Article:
Though I’d lived there twice during the previous five years, I wasn’t prepared for the economic boom I found upon this latest arrival. Not only had rent increased sharply in all but the most destitute neighborhoods, landlords now routinely demanded first, last, and a hefty security deposit, which meant I was short by about fifty percent. Over the first week or so, I watched with mounting anxiety as food, gas, and lodging expenses reduced the meager half I did have to a severely deficient third. To make matters even more nerve-racking, I was relocating with my nine-year-old son, Ezra. More than my well-being was at stake.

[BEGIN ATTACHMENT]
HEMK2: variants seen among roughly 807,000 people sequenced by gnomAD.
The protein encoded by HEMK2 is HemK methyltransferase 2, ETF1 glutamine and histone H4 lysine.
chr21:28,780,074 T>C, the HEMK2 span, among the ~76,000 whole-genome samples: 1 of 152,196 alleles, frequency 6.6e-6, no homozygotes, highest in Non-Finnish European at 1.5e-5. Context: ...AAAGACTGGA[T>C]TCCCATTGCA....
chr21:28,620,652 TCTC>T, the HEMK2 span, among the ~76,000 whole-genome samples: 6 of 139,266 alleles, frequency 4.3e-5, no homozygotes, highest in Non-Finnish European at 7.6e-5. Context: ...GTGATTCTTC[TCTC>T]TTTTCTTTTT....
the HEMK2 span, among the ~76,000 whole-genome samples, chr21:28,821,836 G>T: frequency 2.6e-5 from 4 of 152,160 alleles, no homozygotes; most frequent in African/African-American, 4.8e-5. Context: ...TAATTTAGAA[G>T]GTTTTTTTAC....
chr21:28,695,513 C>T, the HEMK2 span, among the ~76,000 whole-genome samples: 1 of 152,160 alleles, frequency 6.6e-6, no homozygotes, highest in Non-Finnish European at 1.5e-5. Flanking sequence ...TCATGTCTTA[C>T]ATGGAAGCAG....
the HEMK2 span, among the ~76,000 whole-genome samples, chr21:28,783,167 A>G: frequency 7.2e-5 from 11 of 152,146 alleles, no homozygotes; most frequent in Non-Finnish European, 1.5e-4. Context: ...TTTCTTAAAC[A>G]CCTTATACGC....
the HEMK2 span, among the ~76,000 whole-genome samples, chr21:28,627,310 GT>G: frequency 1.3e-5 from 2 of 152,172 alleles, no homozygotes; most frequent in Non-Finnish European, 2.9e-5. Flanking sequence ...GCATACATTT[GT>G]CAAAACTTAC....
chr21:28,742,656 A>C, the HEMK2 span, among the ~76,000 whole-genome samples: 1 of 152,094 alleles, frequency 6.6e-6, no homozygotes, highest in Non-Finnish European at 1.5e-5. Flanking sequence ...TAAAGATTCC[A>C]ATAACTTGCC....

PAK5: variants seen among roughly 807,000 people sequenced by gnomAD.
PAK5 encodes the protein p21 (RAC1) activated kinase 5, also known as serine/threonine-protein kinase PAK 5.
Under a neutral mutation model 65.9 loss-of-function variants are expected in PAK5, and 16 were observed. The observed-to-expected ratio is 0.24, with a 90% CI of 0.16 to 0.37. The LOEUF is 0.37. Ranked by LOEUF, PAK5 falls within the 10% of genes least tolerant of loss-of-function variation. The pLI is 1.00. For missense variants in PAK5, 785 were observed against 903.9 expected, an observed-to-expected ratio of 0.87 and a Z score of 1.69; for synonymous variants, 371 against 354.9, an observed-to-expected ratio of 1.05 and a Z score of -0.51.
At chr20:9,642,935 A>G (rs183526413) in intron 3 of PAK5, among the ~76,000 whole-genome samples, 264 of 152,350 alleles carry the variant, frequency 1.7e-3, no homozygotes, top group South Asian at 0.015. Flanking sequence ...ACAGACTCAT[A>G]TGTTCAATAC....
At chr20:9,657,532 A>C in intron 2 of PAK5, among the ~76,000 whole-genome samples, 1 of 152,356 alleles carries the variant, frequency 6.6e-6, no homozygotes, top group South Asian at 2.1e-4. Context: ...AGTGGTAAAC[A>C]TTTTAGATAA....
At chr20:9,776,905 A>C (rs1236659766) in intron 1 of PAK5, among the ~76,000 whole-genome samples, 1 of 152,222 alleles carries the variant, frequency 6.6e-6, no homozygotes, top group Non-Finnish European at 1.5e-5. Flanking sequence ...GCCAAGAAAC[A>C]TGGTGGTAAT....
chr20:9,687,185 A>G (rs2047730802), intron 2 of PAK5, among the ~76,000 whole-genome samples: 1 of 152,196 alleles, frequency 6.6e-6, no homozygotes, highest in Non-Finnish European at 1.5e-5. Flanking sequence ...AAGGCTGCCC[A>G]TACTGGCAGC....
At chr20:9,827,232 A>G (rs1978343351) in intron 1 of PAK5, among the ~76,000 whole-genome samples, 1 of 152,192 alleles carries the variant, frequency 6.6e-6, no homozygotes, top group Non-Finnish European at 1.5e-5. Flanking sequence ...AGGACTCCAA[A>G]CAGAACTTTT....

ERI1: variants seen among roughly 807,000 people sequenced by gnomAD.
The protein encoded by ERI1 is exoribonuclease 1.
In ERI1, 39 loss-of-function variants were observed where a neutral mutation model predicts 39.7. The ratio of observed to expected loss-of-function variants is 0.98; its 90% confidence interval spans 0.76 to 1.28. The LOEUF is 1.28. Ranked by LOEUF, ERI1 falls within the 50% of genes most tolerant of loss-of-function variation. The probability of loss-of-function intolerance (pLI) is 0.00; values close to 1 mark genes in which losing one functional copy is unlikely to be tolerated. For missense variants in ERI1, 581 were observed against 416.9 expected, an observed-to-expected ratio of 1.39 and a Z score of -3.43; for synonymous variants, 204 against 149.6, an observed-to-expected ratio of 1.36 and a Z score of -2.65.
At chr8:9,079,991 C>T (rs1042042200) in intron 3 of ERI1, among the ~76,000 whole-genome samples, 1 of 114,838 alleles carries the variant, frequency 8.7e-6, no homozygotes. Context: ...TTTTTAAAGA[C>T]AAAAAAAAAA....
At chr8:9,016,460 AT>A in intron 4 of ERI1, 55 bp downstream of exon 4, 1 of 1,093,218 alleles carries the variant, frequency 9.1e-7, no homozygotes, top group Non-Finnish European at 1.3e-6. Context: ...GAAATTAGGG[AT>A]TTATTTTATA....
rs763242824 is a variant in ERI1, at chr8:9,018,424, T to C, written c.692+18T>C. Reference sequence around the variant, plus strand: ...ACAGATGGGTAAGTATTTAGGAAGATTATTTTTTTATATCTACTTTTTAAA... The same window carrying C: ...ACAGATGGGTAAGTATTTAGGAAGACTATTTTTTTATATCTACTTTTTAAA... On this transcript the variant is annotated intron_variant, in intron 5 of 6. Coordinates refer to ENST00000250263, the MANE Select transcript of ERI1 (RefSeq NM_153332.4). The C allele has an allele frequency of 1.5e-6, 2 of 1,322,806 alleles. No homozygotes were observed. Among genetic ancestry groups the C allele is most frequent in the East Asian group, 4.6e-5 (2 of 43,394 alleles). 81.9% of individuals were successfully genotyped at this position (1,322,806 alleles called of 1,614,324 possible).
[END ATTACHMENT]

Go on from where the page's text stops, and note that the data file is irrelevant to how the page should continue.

A veteran of cold, solitary starts in strange cities, I knew our best hope wasn’t the classifieds, and certainly not an agency, but the serendipity of the streets—handmade for rent signs, crowded bulletin boards in laundromats and corner grocery stores, passersby on the sidewalk; I had to exploit every opportunity that might present itself, no matter how oblique or improbable. In Eastlake, at the edge of Lake Union between downtown Seattle and the University District, I spied a shabby but vacant one-story house on the corner of a block that was obviously undergoing transition—overgrown lots and foundation remnants where other houses once stood—and that had at least one permanent feature most right-minded people would find forbidding: an elevated section of Interstate 5 just across the street, attended by the incessant roar of cars and trucks. The house needed a new roof, a couple of coats of paint, and, judging by what Ezra and I could detect during a furtive inspection, major repair work inside, including replacing damaged plaster-and-lath walls with sheetrock. All of this, from my standpoint, meant that I might have found a solution to my dilemma.